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SQLLDR Direct=true [message #185215] Mon, 31 July 2006 10:13 Go to next message
manish mendiratta
Messages: 110
Registered: May 2002
Senior Member
Hi
I have some 6-7 Million records to be uploaded into prod database. For faster uploading i will use DIRECT=Y, now my qry is after how many records a commit will happen? IS this going to put too much load on my Prod DB? what are the conerns relating to redo generation?
Please suggest.
I guess i can also use EXTERNAL TABLES. Any experience with external tables using such huge loads?

Thanks
Manish
Re: SQLLDR Direct=true [message #185220 is a reply to message #185215] Mon, 31 July 2006 10:40 Go to previous messageGo to next message
joy_division
Messages: 4641
Registered: February 2005
Location: East Coast USA
Senior Member
Using Direct Path, there is no interval for commit. It's all or nothing. Data goes directly into the datafiles, whereas a regular SQL*Load is internally executing INSERT statements.
Essentially, you can think of it as a commit at the end.
Re: SQLLDR Direct=true [message #185247 is a reply to message #185215] Mon, 31 July 2006 13:45 Go to previous messageGo to next message
manish mendiratta
Messages: 110
Registered: May 2002
Senior Member
Well I knew about DIRECT=TRUE it was just my apprehension for using it for big uploads on prod. I just finished uploading 9.7 M recs in flat 28 Mins(no indexes/constraints on table)

Re: SQLLDR Direct=true [message #185278 is a reply to message #185220] Mon, 31 July 2006 22:02 Go to previous messageGo to next message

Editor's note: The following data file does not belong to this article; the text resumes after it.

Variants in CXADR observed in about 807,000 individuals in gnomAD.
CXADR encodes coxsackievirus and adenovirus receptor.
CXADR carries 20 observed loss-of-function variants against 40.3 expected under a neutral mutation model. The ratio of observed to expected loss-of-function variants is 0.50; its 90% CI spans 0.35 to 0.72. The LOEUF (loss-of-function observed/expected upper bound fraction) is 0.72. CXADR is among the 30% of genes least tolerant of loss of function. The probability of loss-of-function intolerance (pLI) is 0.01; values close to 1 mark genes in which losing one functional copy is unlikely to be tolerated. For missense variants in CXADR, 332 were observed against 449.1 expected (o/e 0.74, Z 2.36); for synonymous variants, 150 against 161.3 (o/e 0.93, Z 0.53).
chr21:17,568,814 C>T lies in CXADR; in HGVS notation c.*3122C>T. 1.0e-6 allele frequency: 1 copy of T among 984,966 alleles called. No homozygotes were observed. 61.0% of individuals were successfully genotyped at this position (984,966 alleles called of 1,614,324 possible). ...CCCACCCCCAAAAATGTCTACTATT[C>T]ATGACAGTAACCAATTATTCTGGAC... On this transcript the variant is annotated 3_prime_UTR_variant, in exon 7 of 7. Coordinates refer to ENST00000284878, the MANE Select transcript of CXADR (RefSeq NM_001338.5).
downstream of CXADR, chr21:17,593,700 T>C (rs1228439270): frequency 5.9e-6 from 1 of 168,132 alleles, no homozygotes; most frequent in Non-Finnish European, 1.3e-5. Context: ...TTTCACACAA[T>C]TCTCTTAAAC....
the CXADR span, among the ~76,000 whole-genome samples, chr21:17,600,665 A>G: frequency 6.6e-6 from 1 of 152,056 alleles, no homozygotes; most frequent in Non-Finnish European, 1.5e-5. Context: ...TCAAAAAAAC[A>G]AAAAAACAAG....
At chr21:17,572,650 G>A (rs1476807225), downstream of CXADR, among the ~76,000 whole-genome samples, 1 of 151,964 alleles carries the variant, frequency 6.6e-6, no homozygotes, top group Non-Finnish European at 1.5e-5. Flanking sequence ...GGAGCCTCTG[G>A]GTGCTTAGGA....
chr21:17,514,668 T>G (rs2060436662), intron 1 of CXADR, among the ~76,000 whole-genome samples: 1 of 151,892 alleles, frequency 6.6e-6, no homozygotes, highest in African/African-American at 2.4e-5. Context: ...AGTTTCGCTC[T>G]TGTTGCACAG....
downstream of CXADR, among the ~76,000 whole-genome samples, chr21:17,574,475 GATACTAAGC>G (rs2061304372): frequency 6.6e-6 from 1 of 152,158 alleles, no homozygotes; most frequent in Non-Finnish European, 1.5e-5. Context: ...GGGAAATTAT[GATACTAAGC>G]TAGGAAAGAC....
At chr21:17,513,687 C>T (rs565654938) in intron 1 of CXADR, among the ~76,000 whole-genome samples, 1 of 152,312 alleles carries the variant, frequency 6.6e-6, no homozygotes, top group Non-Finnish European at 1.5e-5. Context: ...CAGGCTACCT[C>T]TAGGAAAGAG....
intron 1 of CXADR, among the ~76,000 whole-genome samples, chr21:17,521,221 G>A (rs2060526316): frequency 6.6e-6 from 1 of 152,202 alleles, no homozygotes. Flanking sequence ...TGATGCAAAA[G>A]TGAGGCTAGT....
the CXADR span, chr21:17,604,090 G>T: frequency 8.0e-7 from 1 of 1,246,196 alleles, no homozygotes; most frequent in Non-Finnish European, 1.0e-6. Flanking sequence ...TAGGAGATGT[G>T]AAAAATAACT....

rleishman
Messages: 3724
Registered: October 2005
Location: Melbourne, Australia
Senior Member
joy_division wrote on Tue, 01 August 2006 01:40

Using Direct Path, there is no interval for commit. It's all or nothing. Data goes directly into the datafiles, whereas a regular SQL*Load is internally executing INSERT statements.
Essentially, you can think of it as a commit at the end.


I disagree, and more importantly, so does Oracle:
Oracle Utilities Manual

ROWS (rows per commit)
Default: To see the default value for this parameter, invoke SQL*Loader without any parameters, as described in Invoking SQL*Loader.

Keep in mind that if you specify a low value for ROWS and then attempt to compress data using table compression, your compression ratio will probably be degraded. Oracle recommends that you either specify a high value or accept the default value when compressing data.

Conventional path loads only: ROWS specifies the number of rows in the bind array. See Bind Arrays and Conventional Path Loads.

Direct path loads only: ROWS identifies the number of rows you want to read from the datafile before a data save. The default is to read all rows and save data once at the end of the load. See Using Data Saves to Protect Against Data Loss. The actual number of rows loaded into a table on a save is approximately the value of ROWS minus the number of discarded and rejected records since the last save.


There is generally no real harm in not specifying the ROWS param for DIRECT path, although you may blow your rollback segments if you use the SINGLEROW or SORTED INDEXES options.

Ross Leishman
Re: SQLLDR Direct=true [message #185396 is a reply to message #185278] Tue, 01 August 2006 09:22 Go to previous messageGo to next message
joy_division
Messages: 4641
Registered: February 2005
Location: East Coast USA
Senior Member
Thanks Ross. Another one of those little pieces of info that I though I knew to be wrong.
Re: SQLLDR Direct=true [message #185400 is a reply to message #185215] Tue, 01 August 2006 09:42 Go to previous message
manish mendiratta
Messages: 110
Registered: May 2002
Senior Member
Great piece of Info Ross.
Thanks
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